I weathered the storms for decades. I have been in 50 mph winds with my paintings flapping around me like Dumbo’s ears getting ready to take flight. I have been pelted by hail while throwing my cover over the paintings to protect them. I have gotten heat exhaustion while sitting out on the street. I have been snowed on, rained on, blown over, whipped by sand and gravel and even had a cactus fall on me. Yes, I have done the outdoor art shows. This is how I made my living as an artist for many years. I am down to one outdoor show a year.
Getting up at 5 am every weekend and being out in the elements for 12 hours a day is strenuous, exhilarating when art is sold and depressing when nothing happens. So why do it? It isn’t for everyone but I love to meet people. Even on the days when I didn’t sell any art I could meet the most interesting people. I live in Santa Fe, NM, an art town and many people come from all over the world for the art. I also have a background in science and we have many scientific laboratories and research facilities nearby. I loved meeting folks and I have made lifelong friends from both artists, visitors and collectors.
I did manage to make a living from selling my art at shows, gallery representation and later writing and teaching. After the galleries were selling for me and my teaching schedule was pulling me around the country I decided to hang up my tent. I don’t miss the 5 am mornings, or the heat, but I do miss the connections and camaraderie. I have many wonderful stories from hundreds of folks I have met. I am going to share three of my favorites.
After a long hot day, I was inside my tent securing it for the night. The sides were all down and zipped with only one corner open. I felt (rather than heard) someone “knocking” on the wall and asking, Are you in there? I popped my head out and there was a woman I recognized from earlier in the day. She said oh good you are here. I was thinking yes, a be-backer actually came back. But she wasn’t someone that I had talked to about a certain painting she said, I have never even looked at abstract art but I had to come back to find you and tell you that your art changed my mind. I love your work. I can’t buy anything right now, but I just had to find you and let you know.
This was even better than a sale! When art can touch someone in such a way that they manage to return at the end of the day and take a lot of effort to find me in a closed booth, then I know this was big for her. How did it change her life over the years? I wish I knew but she didn’t leave me any contact information. I like to think that it opened a new world to her. Maybe she even tried her own hand at creating. I would love to think that.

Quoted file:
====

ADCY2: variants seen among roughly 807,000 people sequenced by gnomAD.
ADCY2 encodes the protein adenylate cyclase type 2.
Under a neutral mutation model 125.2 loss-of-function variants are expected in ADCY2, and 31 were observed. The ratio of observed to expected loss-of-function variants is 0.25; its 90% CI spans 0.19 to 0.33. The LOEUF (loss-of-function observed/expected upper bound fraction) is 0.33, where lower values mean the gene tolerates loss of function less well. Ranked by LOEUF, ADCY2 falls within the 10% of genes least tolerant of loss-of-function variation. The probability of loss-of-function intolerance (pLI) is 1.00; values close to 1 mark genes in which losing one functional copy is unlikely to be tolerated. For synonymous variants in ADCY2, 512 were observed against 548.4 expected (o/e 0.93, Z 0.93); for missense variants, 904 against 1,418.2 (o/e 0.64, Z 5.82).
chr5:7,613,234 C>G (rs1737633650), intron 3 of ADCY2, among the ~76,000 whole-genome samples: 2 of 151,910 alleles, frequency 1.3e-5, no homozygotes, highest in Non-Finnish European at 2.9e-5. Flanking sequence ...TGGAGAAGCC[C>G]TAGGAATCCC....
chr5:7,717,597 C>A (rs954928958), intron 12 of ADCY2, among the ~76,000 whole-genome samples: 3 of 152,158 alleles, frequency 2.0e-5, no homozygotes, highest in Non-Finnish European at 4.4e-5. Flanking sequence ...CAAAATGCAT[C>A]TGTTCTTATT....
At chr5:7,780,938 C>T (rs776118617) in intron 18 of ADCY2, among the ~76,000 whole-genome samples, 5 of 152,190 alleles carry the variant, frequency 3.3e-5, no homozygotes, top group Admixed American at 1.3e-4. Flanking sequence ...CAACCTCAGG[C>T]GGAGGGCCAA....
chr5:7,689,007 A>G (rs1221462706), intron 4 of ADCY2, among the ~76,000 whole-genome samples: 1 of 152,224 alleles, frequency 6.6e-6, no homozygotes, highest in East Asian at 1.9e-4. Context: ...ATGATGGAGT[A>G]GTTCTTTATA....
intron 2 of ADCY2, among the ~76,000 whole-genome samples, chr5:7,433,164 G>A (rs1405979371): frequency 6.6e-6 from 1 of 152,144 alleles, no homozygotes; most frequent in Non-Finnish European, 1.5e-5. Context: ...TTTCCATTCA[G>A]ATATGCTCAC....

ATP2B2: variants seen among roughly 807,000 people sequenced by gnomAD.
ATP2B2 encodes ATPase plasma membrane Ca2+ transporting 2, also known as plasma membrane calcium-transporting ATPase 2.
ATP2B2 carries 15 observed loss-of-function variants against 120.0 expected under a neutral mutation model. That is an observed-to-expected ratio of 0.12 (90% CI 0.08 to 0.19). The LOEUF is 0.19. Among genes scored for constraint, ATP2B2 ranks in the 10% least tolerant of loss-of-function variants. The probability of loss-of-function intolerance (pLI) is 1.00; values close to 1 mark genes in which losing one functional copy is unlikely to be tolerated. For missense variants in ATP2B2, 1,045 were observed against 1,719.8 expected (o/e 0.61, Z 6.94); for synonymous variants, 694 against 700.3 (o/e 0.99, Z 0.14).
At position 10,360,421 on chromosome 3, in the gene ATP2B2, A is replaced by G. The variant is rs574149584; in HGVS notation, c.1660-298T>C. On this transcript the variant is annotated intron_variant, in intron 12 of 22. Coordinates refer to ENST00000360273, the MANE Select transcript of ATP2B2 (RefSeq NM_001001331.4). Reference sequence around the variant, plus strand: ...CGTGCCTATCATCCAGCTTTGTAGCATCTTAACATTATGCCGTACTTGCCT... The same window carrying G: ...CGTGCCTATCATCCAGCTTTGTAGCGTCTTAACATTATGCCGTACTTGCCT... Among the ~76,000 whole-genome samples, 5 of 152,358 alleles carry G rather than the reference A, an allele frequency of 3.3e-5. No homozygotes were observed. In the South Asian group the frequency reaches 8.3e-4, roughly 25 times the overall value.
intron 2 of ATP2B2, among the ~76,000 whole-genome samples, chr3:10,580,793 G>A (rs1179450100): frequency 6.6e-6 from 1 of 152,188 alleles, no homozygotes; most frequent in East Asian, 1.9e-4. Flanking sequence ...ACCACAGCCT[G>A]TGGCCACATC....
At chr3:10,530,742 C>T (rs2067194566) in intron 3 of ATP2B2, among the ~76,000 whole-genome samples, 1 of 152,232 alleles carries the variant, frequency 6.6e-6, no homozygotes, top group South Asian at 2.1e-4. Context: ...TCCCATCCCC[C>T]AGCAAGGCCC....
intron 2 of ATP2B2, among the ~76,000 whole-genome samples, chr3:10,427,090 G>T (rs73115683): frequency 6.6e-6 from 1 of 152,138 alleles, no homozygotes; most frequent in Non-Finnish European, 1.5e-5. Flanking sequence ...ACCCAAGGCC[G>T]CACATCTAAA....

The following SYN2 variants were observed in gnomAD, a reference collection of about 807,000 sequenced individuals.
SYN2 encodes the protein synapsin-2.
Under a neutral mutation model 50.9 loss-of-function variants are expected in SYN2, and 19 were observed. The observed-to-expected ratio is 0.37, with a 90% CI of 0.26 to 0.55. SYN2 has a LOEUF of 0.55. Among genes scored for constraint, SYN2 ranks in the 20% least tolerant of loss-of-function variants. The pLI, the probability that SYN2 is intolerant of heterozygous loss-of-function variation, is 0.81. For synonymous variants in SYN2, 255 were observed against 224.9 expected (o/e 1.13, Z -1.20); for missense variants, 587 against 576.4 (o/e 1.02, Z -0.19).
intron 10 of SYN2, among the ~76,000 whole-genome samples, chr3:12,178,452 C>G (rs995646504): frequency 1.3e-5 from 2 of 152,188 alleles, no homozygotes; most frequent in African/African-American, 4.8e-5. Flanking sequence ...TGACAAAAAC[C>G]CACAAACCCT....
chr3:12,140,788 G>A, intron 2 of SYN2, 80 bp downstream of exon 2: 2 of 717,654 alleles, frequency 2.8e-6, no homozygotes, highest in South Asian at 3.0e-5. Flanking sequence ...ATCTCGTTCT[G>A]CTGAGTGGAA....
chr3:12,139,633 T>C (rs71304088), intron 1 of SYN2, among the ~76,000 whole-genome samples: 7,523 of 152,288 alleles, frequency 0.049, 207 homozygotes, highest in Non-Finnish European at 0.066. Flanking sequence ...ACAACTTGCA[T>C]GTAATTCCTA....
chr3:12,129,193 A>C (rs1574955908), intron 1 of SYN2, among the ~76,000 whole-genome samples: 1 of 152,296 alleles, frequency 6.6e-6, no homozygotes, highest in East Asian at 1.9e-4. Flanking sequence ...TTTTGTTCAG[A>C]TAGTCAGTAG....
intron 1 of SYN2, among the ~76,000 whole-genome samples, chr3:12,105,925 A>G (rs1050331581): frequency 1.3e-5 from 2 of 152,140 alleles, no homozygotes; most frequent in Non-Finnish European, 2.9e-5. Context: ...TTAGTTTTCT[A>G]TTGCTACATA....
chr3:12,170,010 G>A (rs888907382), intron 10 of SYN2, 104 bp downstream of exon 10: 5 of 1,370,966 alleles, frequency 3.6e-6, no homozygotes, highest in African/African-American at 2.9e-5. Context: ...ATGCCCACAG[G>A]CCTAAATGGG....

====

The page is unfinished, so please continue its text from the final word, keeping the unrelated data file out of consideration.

It was a calm beautiful sunny morning with a few strollers coming through the show. A man about my age came into the booth was looking at a particular painting. We began to talk and I discovered that he was in town for a science conference. We exchanged some talk around research and then I asked him what type of scientist he was. Turns out he’s an engineer. The painting he had been looking at was a very structured and architectural piece. I guided him to the back of the booth and pointed to a very no-objective abstract painting. It had a similar color range and about the same size. I asked him what he thought about it. He stood for a few minutes, quiet and a bit fidgety. He finally said, “it makes me nervous”. I did a little chuckle and let him know that my science background was in cognitive psychology. I asked him what type of engineering he did and he said mechanical. I have discovered that most engineers like more linear, delineated and structured art. I did find a geological engineer that liked non-objective abstract art. I asked him to play along with me for a moment and I dug out from the back a long narrow bar from my tent set-up. I held this in front of the painting horizontally and asked him how he felt now. He immediately said, “much better.” By introducing a horizon line, he finally felt more at ease and it gave him something to ground himself. We had a great visit but he didn’t buy that painting. I did sell it later to a designer from Dallas so it found a home.
This is my favorite story and my absolute favorite art collector. I was sitting toward the back of my booth sketching when a family came in and began looking at the art. I gave them a moment to look as I observed their interests. The father soon roamed off to take a call but the Mother and daughter, I assumed, remained. At this point I was also selling prints of my work. The daughter was taking a lot of interest in the small paintings. We began discussing the art and she really liked the stories I was able to share with the abstract format. She had a keen eye and was confident in her taste. They thanked me and went to look around the show.
About 30 minutes later they returned and she began to look at the art prints, but her eye kept returning to a small painting on the wall. The mother told me that they were from out of state and that the daughter had been saving her babysitting money to buy some art in Santa Fe. She was probably about 13 or 14 and I asked her if she liked to draw or paint. She said no but she really liked art and wanted to collect it because it sparked her imagination and she liked beautiful things. I said this is the best reason to collect art because it can inspire you to create your own gifts to the world. She decided that she was going to get one of the prints. I pulled the mother aside and asked her if it would be ok if I sold her daughter the small painting for the same price as a print. The mother was very moved and said it was ok but she wanted to pay the extra for the piece. I said I really wanted this to be between the daughter and I and I would be honored to have my art as her first piece that she collected. We all walked away beaming and filled with joy. I bet she has a fabulous art collection now.